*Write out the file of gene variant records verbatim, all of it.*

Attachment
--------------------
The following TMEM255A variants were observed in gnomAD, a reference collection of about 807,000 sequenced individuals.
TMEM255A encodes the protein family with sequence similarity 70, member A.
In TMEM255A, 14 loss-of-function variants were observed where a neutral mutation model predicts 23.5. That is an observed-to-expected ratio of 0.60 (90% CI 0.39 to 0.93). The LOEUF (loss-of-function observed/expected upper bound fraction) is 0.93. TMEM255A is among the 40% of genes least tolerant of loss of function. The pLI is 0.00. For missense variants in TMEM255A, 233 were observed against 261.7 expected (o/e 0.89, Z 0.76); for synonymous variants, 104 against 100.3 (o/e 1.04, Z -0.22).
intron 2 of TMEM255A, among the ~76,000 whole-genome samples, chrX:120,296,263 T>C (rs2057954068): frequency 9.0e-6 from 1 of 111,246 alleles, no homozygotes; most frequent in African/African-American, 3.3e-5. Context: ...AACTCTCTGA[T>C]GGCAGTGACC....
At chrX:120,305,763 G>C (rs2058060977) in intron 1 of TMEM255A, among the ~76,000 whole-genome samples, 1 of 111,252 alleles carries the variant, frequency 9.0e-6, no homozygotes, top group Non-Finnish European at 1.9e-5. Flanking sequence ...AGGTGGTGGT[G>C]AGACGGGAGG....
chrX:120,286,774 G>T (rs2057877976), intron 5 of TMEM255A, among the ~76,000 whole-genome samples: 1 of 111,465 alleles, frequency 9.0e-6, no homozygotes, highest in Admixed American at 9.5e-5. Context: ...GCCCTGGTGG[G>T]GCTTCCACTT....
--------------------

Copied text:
The following TMEM255A variants were observed in gnomAD, a reference collection of about 807,000 sequenced individuals.
TMEM255A encodes the protein family with sequence similarity 70, member A.
In TMEM255A, 14 loss-of-function variants were observed where a neutral mutation model predicts 23.5. That is an observed-to-expected ratio of 0.60 (90% CI 0.39 to 0.93). The LOEUF (loss-of-function observed/expected upper bound fraction) is 0.93. TMEM255A is among the 40% of genes least tolerant of loss of function. The pLI is 0.00. For missense variants in TMEM255A, 233 were observed against 261.7 expected (o/e 0.89, Z 0.76); for synonymous variants, 104 against 100.3 (o/e 1.04, Z -0.22).
intron 2 of TMEM255A, among the ~76,000 whole-genome samples, chrX:120,296,263 T>C (rs2057954068): frequency 9.0e-6 from 1 of 111,246 alleles, no homozygotes; most frequent in African/African-American, 3.3e-5. Context: ...AACTCTCTGA[T>C]GGCAGTGACC....
At chrX:120,305,763 G>C (rs2058060977) in intron 1 of TMEM255A, among the ~76,000 whole-genome samples, 1 of 111,252 alleles carries the variant, frequency 9.0e-6, no homozygotes, top group Non-Finnish European at 1.9e-5. Flanking sequence ...AGGTGGTGGT[G>C]AGACGGGAGG....
chrX:120,286,774 G>T (rs2057877976), intron 5 of TMEM255A, among the ~76,000 whole-genome samples: 1 of 111,465 alleles, frequency 9.0e-6, no homozygotes, highest in Admixed American at 9.5e-5. Context: ...GCCCTGGTGG[G>T]GCTTCCACTT....